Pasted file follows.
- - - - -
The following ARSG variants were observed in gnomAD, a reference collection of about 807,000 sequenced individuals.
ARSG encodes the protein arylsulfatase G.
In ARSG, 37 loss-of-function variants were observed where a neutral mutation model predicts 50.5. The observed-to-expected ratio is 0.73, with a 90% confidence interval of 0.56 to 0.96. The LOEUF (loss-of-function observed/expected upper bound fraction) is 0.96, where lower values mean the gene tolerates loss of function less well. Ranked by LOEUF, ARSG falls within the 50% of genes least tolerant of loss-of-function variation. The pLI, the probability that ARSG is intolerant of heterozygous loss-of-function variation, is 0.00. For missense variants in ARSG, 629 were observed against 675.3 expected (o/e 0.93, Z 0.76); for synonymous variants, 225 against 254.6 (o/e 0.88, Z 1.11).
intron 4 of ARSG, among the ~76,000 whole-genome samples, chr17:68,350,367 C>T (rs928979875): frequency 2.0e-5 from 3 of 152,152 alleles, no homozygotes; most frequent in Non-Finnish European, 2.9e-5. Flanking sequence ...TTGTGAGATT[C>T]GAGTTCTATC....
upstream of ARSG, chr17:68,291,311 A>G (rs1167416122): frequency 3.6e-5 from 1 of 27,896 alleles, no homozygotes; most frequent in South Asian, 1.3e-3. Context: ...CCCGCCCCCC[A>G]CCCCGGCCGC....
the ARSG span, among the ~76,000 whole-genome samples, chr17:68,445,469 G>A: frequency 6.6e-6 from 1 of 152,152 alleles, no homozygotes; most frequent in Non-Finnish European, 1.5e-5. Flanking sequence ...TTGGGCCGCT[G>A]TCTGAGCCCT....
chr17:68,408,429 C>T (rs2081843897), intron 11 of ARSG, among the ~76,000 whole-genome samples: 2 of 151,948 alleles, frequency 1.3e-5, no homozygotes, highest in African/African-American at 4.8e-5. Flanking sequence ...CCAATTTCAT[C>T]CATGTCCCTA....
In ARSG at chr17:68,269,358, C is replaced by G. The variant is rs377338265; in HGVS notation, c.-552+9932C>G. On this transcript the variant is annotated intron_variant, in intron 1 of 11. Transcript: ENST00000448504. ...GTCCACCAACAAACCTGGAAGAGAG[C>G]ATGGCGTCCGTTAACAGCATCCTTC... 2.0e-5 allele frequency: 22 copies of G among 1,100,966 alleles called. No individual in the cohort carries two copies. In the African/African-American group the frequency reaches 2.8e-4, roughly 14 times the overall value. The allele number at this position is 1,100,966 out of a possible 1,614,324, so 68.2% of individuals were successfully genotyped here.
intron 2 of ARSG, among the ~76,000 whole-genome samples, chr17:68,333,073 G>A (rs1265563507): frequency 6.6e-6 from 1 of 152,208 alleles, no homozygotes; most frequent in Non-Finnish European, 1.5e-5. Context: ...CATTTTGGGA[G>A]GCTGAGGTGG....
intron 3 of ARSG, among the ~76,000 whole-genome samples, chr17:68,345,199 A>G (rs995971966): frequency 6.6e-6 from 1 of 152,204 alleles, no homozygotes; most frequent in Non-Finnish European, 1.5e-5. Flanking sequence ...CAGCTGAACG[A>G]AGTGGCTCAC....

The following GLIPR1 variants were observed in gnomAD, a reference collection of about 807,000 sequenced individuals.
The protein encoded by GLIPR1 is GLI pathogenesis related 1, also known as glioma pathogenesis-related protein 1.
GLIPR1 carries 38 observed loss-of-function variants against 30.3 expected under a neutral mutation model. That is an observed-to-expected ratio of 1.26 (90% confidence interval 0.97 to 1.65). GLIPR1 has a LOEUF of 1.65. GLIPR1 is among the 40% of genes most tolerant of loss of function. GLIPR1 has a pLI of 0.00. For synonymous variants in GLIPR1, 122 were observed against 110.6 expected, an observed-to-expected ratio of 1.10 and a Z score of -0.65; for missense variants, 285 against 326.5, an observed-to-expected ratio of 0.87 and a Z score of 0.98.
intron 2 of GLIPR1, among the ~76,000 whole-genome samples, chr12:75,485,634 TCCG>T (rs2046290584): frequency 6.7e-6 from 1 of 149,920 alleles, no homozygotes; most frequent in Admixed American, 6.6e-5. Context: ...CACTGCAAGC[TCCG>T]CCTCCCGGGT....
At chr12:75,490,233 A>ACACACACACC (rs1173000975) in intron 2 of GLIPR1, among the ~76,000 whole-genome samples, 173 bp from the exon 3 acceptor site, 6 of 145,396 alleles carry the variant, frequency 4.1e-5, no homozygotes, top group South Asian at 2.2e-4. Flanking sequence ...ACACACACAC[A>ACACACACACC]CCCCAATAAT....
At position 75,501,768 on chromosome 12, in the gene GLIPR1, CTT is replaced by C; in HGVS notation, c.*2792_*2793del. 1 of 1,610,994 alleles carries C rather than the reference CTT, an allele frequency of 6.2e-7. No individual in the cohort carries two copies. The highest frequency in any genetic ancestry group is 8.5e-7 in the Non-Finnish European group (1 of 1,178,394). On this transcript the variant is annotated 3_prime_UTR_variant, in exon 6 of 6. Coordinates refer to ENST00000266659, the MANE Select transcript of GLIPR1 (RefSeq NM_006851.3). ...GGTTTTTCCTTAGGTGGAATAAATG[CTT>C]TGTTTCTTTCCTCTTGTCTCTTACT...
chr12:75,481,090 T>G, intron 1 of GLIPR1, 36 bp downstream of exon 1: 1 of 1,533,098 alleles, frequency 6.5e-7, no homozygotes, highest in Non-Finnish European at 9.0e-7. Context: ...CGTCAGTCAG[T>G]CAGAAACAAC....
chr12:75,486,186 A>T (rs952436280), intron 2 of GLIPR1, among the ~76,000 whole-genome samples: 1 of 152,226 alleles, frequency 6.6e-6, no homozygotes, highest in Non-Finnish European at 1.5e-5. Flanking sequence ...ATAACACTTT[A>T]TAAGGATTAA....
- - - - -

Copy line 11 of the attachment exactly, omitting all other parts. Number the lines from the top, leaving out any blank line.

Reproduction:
The following GLIPR1 variants were observed in gnomAD, a reference collection of about 807,000 sequenced individuals.